A city of about 500,000 located in Colorado, United States of America. The county seat of El Paso County. Nestled under the magnificent Pikes Peak, which is 14,410 feet above the far-away seas. The city itself is above 6,000 feet.

Many government agencies work out of "the Springs." The United States Air Force Academy is just north of town. Peterson Air Force Base and the North American Aerospace Defense Command (NORAD) cooperate as the American Space Command headquarters. The Army also has a presence at Fort Carson south of the city.

General William Jackson Palmer, a former Civil War general and railroad tycoon, founded the city in 1871. His intentions of having the town become a resort didn't pan out.

Colorado Springs gained nation-wide fame as a place to cure tuberculosis. Many believed that the thin, dry air in Colorado somehow reduced the severity of the disease. Greater fame came with the gold rush of 1891.

The Springs is home to many attractions. The Pro Rodeo Hall of Fame, the impressive Seven Falls, the Olympic Training Center (where many American Olympic hopefuls go for practice), the Pioneers Museum, and the Broadmoor. Focus on the Family has its headquarters here.

Technology industries play a large role in the city's economy. Hewlett-Packard/Agilent, MCI Worldcom, Rockwell, and soon-to-build Intel have company branches.

Colorado Springs is the poster child for poor city master planning. The traffic is completely obnoxious for a city of its size. A single interstate, if that is an appropriate name, runs through the city from north to south. The rest is surface streets. Streets, that during morning and evening rush, become packed. Streets that are full of cars. Streets that become overwhelmed to the point that even the traffic signals cannot control the flow. I cannot count the number of times that I have been stuck staring at a green light. Why was I stuck? There are ten cars just siting in the intersection. Why are they sitting there? Either they are real dumb, often times the answer, or they just happened to end up there, because a half mile down the road, someone else is stuck in an intersection.

The poster child for suburban sprawl, a city that cannot keep up with its own good fortune. That is beautiful Colorado Springs.

Colorado Springs is well known for several things: The Colorado College is in the older part of town. NORAD, a key government military facility built during the Cold War is southwest of the city center tucked within Cheyenne Mountain. It's kind of a cool sight to see all those radio antennae and satellite dishes like fur on an animal or something. Focus on the Family's headquarters are in the city as well. Additionally the Fort Carson military reservation is outside of town on the south side, lying along Interstate 25. The US Air Force Academy is a ways north of town as well.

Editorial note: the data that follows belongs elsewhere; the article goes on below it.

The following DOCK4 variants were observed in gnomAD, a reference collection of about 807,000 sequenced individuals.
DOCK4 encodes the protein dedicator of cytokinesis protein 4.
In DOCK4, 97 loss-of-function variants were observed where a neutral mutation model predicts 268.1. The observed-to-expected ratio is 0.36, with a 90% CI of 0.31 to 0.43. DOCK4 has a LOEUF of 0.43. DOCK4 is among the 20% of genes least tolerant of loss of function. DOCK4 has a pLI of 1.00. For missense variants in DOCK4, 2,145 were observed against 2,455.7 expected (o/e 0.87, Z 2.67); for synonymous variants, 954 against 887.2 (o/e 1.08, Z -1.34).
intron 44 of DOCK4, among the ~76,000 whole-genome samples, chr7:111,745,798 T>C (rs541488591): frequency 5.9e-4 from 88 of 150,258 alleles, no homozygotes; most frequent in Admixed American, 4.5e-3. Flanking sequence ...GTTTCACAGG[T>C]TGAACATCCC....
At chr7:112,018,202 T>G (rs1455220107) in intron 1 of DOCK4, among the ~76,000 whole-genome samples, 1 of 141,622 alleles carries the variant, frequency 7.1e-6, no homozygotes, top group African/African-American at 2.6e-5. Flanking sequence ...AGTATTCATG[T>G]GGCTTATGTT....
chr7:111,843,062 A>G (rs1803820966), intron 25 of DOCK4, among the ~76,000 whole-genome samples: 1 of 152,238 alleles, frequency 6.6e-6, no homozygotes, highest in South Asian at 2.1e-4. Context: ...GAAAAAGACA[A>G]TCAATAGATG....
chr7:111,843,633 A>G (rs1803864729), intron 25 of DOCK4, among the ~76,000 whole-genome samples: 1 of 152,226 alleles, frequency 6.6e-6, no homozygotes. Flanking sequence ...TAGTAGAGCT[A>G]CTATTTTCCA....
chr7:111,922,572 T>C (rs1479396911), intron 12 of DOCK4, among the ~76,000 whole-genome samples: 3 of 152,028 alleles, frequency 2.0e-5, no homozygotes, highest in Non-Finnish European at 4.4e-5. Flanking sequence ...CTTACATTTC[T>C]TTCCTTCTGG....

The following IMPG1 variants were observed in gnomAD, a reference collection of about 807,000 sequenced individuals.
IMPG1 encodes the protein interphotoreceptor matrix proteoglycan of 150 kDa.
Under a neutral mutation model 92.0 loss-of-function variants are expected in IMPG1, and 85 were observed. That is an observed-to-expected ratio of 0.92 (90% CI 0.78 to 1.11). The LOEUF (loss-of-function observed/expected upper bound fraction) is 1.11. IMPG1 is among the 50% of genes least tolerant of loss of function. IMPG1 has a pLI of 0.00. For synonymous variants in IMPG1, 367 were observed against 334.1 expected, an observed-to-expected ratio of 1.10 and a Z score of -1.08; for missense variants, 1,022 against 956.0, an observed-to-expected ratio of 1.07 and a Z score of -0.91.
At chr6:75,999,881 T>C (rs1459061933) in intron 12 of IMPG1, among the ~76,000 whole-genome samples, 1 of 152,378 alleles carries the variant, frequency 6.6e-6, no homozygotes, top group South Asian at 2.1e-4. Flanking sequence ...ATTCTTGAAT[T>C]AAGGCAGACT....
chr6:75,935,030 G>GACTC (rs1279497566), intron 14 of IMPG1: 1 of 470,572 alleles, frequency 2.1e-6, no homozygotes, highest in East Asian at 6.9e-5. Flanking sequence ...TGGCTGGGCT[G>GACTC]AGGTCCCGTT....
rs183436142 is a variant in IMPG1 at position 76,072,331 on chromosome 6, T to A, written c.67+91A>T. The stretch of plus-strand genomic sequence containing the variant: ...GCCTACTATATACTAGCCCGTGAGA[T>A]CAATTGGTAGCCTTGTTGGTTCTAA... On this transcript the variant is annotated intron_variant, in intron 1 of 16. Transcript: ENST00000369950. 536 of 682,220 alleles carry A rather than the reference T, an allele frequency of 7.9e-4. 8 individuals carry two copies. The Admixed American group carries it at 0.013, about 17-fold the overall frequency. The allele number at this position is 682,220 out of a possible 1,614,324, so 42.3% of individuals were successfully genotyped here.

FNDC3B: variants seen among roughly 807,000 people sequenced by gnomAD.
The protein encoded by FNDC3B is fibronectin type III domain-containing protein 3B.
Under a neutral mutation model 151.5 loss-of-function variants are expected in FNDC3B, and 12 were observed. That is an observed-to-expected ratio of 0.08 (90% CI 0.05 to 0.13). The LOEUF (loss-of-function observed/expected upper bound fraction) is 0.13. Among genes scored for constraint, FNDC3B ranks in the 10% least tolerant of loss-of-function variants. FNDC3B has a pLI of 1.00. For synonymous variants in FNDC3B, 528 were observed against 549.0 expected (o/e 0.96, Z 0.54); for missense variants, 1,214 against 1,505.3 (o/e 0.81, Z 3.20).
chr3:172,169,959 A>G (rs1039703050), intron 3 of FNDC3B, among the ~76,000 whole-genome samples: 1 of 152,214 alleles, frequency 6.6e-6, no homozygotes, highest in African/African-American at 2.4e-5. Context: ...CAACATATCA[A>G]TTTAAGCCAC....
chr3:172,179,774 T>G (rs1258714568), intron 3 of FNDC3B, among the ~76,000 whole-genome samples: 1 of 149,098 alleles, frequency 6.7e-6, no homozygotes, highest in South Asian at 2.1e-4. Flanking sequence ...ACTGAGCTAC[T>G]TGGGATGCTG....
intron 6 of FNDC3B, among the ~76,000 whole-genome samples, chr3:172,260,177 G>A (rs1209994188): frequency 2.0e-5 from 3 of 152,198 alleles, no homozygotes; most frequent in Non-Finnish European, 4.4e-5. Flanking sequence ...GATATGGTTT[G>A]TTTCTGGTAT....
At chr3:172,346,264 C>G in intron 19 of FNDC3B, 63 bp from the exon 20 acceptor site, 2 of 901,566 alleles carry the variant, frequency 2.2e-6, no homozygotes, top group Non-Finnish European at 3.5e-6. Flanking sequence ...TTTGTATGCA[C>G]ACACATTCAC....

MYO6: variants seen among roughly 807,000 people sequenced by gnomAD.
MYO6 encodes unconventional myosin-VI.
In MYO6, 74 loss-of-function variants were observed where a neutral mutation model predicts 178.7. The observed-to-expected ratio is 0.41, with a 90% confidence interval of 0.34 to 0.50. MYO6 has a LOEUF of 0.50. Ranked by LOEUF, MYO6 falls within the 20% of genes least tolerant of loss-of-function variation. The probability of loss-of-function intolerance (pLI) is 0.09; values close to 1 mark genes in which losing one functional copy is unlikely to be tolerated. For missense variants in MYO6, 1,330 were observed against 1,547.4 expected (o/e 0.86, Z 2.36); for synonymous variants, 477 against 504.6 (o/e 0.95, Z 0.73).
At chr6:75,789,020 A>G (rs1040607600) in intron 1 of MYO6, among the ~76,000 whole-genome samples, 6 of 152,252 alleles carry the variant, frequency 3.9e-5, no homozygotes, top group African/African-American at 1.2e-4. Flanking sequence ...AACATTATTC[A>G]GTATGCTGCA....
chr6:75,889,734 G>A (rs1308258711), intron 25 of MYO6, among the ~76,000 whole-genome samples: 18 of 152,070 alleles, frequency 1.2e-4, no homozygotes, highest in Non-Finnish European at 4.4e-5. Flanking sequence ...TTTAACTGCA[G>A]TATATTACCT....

When I visited there I found the social climate to be most unusual. Much like nearby Denver, there is a ton of soulless and ugly suburban sprawl towards the outside of town that I found very unsettling. Along with that, Focus on the Family's conservative presence is tangible but invisible. With the very liberal CC in town, surrounded by military installations and powerful Christian organizations, there's a sizeable amount of conflict just under the surface. At the time I claimed that "I want to hack into NORAD and firebomb this place!" My family was horrified.

I've lived in Colorado almost all my life, and most of that time was spent living less than an hour from Colorado Springs. Of all the larger "hubs of civilization" in Colorado, Colorado Springs has always been my favorite (or right up there) -- Denver's too big for me and too angry, Pueblo's too tired and broken down, Boulder's too trendy and Californian... I like Fort Collins and Durango, both college towns, but Fort Collins is definitely a haven for rich folks and is a little TOO beautiful at times (if you know what I mean), while Durango is great except for just being too far away from everywhere else. Colorado Springs, however, is really quite a nice place; nestled in the mountains under the Olympian splendor of Pikes Peak, generally a green and beautiful town, with diverse and interesting people (however insular and clannish they may be).

Anyway.

The point I'm striving circituously to make here is this: HongPong (and others) have been right in commenting on the noticeable conservative, fundamentalist, extremist factions that exist here in Colorado Springs -- Focus on the Family, military presence, the fact that there's roughly one church every two blocks in some areas -- but there are also other minorities that are far less vocal. There is a thriving but quiet gay / lesbian community here, there is a surprisingly large underground of new agers and neo-pagans, and there are a good number of decent musicians here in town who are struggling to create a better music scene. Sure, there's some very Puritanical and fundamentalist elements, and people lose jobs every once in awhile for flimsy reasons when their bosses are born-agains. And sure, the suburban sprawl is getting out of hand in places, which makes sense for a city that's growing so fast. But there's a lot more going on than initially meets the eye... the Dobsonites and Prayer-Walkers are just the more vocal and outspoken element. Everyone else seems to just be quietly performing their full-moon esbats, shopping for groceries with their same-sex lovers, or putting together some truly wacky genius music with their devoted bandmates. Hanging out at Poor Richard's bookstore and cafe. Or dancing their brains out at the Hide And Seek. Or buying crystals and incense and whatnot at the Celebration New Age Bookstore. Or enjoying the strange splendor of the red rock formations in the Garden Of The Gods. And much more, I'm sure.

Just thought that should be said...

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